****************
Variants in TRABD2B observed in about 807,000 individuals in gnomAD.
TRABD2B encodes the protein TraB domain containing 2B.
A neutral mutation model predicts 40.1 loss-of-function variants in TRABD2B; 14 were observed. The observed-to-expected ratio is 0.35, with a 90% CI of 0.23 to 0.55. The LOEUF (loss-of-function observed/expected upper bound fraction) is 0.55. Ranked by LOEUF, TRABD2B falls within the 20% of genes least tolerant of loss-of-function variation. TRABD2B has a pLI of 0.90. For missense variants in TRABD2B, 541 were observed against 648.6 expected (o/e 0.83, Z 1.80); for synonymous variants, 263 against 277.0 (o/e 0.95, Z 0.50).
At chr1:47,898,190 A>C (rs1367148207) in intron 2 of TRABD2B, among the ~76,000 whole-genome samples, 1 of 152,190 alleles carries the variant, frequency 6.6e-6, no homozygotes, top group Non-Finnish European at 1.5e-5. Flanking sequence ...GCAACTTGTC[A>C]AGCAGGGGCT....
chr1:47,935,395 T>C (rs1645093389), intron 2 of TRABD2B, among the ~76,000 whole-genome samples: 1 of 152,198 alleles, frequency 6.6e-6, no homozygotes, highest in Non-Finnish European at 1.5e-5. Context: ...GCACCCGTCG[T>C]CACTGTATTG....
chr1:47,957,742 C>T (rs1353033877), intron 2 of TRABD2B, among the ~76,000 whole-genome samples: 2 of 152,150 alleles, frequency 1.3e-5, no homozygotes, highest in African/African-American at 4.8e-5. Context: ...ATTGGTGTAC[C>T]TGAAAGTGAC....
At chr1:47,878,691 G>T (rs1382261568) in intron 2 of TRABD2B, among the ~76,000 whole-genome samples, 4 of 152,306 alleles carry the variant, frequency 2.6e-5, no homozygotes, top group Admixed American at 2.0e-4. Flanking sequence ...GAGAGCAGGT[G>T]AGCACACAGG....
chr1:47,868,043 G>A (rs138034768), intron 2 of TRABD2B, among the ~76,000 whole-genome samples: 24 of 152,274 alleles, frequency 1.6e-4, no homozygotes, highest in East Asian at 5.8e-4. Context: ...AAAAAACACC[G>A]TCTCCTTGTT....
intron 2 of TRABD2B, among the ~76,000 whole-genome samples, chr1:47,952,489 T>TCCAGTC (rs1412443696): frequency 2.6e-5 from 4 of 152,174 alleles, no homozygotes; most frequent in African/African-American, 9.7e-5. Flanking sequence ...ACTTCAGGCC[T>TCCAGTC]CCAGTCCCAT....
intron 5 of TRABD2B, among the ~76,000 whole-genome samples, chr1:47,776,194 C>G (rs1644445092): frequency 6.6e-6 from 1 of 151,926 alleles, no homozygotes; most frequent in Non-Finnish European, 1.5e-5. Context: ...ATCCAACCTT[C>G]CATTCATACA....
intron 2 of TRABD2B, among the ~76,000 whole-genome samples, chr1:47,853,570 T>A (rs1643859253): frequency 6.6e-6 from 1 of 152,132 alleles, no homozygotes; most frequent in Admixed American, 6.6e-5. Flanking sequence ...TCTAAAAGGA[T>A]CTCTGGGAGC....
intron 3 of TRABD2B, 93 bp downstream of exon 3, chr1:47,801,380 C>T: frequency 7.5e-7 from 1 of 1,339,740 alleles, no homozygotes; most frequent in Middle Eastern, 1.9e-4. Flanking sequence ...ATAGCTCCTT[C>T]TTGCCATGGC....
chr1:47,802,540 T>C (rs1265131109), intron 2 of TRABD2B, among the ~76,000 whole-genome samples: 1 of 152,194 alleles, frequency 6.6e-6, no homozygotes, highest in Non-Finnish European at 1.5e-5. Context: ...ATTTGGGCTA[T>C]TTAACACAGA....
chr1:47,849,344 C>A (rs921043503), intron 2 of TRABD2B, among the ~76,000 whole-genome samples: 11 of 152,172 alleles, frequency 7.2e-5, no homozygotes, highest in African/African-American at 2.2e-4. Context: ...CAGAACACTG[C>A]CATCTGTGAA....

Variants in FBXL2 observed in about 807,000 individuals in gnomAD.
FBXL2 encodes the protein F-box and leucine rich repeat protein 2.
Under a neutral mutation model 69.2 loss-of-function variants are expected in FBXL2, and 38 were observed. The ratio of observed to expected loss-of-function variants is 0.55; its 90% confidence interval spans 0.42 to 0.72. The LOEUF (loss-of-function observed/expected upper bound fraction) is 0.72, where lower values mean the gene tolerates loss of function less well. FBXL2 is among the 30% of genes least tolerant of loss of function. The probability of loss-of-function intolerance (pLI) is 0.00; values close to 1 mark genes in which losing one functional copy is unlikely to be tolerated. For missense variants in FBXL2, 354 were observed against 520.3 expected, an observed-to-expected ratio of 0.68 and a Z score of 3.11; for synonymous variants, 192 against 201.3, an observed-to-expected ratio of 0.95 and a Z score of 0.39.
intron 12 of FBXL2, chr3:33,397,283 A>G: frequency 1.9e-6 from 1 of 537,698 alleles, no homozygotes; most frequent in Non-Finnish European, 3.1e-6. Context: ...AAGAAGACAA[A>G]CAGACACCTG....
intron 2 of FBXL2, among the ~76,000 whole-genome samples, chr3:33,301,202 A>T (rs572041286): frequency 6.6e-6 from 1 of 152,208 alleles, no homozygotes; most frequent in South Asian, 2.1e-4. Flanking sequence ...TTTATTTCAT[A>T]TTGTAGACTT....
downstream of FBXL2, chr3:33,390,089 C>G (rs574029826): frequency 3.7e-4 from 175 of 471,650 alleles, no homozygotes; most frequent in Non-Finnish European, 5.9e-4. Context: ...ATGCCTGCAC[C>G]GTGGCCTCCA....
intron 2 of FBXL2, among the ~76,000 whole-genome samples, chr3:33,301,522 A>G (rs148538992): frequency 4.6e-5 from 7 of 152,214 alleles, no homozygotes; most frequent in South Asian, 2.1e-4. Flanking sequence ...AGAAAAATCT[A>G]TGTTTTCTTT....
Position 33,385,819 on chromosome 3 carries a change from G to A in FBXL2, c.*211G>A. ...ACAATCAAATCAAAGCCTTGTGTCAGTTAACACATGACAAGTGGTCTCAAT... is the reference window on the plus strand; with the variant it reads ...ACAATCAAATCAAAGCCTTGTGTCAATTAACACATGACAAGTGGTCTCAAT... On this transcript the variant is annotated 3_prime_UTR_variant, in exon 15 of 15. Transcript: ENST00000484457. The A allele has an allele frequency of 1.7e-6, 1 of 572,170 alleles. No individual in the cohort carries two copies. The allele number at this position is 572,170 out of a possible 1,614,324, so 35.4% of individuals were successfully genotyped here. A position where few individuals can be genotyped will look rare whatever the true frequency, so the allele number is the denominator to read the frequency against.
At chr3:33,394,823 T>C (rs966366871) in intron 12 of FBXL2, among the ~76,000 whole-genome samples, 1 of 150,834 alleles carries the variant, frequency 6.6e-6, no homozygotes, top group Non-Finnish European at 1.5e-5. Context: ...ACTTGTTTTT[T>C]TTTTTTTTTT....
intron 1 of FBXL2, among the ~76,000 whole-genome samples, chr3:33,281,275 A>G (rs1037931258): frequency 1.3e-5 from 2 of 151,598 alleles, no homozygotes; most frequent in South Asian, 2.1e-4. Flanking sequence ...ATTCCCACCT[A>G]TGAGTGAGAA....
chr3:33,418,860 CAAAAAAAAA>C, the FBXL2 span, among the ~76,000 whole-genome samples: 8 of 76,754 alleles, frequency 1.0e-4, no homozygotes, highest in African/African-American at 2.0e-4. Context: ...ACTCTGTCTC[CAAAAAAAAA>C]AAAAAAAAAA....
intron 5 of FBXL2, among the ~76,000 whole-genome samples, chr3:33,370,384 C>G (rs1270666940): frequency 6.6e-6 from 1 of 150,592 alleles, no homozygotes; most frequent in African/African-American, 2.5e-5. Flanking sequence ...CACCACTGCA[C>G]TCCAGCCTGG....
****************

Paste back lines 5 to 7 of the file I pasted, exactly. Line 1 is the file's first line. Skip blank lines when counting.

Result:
chr1:47,935,395 T>C (rs1645093389), intron 2 of TRABD2B, among the ~76,000 whole-genome samples: 1 of 152,198 alleles, frequency 6.6e-6, no homozygotes, highest in Non-Finnish European at 1.5e-5. Context: ...GCACCCGTCG[T>C]CACTGTATTG....
chr1:47,957,742 C>T (rs1353033877), intron 2 of TRABD2B, among the ~76,000 whole-genome samples: 2 of 152,150 alleles, frequency 1.3e-5, no homozygotes, highest in African/African-American at 4.8e-5. Context: ...ATTGGTGTAC[C>T]TGAAAGTGAC....
At chr1:47,878,691 G>T (rs1382261568) in intron 2 of TRABD2B, among the ~76,000 whole-genome samples, 4 of 152,306 alleles carry the variant, frequency 2.6e-5, no homozygotes, top group Admixed American at 2.0e-4. Flanking sequence ...GAGAGCAGGT[G>T]AGCACACAGG....